Heavy smoking could cause faces to look older

In a new study, researchers found “smoker’s Face,” a condition where smokers look older than they are, is just one of many negative effects caused by heavy tobacco usage.

The research was conducted by a team at the University of Bristol and elsewhere.

Some people carry one or two copies of a genetic variant that is linked to heavier tobacco use.

To identify the effects of the heavier smoking, scientists can separate out the effects of the genetic variant via tobacco use from other possible effects associated with carrying that variant that is unrelated to tobacco use.

To simultaneously identify these two types of effects, the researchers used a novel combination of two data analysis approaches and applied them using data from people in the UK Biobank.

They separated people into two groups. The first contained people who had never smoked and the second included current and former smokers.

The researchers reasoned that the smoking group would reveal the effects of tobacco exposure, while the never-smokers would show them any unrelated effects of the genetic variant.

The analysis searched across 18,000 traits and apart from the new finding of more rapid facial aging, also identified several previously reported effects of smoking, confirming the method’s effectiveness.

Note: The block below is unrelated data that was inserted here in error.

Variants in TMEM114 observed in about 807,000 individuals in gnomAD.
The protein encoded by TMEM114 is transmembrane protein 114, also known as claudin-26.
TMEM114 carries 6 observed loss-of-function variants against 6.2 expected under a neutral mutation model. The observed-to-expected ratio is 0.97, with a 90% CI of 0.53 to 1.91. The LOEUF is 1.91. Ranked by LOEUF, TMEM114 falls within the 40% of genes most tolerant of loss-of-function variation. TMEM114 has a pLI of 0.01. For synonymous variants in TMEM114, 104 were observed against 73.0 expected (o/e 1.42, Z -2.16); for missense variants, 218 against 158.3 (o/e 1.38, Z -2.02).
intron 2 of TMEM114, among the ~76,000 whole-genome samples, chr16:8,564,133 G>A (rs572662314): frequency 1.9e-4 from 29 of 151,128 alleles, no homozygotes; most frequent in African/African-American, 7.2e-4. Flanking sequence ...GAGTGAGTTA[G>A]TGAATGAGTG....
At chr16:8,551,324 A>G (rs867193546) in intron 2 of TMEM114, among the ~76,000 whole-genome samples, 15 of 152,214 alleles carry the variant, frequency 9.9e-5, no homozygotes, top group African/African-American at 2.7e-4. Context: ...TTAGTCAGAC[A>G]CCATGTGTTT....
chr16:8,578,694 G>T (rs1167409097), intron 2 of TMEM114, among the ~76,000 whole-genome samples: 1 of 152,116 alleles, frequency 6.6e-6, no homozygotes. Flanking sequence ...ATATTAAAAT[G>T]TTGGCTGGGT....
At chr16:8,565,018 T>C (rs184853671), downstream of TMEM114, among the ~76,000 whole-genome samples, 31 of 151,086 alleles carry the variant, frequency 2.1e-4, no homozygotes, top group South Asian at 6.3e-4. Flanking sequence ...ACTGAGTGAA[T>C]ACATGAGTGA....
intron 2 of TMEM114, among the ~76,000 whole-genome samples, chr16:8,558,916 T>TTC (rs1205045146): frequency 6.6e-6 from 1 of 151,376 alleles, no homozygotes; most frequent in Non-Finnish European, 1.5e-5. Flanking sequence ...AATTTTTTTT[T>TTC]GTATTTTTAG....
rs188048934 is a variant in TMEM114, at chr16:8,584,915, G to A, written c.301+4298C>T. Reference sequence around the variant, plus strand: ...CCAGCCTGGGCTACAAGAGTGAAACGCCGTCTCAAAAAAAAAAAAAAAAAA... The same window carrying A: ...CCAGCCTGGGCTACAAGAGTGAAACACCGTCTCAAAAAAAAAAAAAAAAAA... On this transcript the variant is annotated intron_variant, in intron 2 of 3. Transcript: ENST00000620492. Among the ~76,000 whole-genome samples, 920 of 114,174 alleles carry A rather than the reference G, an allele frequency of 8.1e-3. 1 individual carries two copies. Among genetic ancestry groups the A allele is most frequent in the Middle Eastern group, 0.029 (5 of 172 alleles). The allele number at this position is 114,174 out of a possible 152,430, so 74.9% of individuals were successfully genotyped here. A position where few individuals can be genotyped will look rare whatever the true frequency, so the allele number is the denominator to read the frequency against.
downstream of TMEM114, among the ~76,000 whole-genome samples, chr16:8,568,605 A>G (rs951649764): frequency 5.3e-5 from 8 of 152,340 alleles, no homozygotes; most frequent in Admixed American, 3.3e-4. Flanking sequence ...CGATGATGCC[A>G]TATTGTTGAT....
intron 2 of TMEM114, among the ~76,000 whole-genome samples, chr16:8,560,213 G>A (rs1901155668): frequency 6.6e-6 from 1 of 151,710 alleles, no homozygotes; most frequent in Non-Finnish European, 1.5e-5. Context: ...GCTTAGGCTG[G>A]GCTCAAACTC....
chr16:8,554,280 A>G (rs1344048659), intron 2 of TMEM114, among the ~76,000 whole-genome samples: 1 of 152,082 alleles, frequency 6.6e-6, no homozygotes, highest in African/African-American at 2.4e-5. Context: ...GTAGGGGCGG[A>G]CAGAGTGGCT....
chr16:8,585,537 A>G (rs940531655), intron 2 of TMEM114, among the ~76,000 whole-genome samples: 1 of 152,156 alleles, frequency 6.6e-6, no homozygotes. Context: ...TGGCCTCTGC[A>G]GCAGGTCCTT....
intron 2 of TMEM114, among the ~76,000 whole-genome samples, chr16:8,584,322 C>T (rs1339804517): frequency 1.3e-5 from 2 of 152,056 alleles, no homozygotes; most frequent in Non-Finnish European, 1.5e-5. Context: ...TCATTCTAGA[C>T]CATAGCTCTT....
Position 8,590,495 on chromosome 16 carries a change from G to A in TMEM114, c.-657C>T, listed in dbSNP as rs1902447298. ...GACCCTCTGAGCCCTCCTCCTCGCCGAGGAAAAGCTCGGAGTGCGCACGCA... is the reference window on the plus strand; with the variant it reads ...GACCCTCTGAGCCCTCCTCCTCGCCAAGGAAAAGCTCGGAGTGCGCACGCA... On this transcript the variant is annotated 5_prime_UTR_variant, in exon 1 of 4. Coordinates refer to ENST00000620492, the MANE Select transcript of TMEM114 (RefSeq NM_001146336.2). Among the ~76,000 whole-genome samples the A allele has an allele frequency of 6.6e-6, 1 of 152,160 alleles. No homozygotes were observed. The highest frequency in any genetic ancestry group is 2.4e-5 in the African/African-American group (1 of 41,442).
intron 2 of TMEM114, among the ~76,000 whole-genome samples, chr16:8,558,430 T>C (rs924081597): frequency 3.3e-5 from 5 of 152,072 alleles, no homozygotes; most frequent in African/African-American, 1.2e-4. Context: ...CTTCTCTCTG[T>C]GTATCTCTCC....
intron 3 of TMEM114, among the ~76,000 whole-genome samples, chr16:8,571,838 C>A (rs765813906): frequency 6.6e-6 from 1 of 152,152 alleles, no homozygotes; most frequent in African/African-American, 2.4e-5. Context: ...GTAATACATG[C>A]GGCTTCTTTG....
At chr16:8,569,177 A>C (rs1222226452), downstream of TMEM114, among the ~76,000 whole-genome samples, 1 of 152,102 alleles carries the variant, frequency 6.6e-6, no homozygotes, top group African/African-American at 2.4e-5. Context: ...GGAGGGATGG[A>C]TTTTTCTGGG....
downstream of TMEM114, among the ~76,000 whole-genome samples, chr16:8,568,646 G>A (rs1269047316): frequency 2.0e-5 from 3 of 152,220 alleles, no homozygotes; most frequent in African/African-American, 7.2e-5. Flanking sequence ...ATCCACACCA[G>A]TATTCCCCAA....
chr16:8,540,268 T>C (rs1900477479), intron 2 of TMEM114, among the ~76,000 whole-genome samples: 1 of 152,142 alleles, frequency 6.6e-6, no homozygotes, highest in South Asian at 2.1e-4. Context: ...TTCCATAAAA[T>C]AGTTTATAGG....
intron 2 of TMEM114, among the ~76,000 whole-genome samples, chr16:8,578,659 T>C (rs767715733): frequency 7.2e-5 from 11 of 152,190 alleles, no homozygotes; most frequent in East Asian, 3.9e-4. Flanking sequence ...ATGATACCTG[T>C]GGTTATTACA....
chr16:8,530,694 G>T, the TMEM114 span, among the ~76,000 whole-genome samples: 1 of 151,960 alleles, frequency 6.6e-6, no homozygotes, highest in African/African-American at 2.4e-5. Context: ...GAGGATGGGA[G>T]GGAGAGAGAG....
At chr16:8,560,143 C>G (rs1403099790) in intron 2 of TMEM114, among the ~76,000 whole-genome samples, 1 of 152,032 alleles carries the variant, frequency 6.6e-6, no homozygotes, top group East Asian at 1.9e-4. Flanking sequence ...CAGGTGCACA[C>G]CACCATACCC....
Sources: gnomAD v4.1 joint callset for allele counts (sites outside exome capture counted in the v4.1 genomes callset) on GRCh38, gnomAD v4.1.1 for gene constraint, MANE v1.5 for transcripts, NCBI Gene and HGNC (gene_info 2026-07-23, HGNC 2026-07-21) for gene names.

The known effects of smoking that the analysis identified included worse lung function and a higher risk of chronic obstructive pulmonary disease (COPD) and skin cancer.

The team says their novel approach can be used to search for causal effects of health exposures and to search for the effects of smoking heaviness.

As well as identifying several known adverse effects such as on lung health, the method also identified an adverse effect of heavier smoking on facial aging.

The lead author of the study is Louise Millard.

The study is published in PLOS Genetics.

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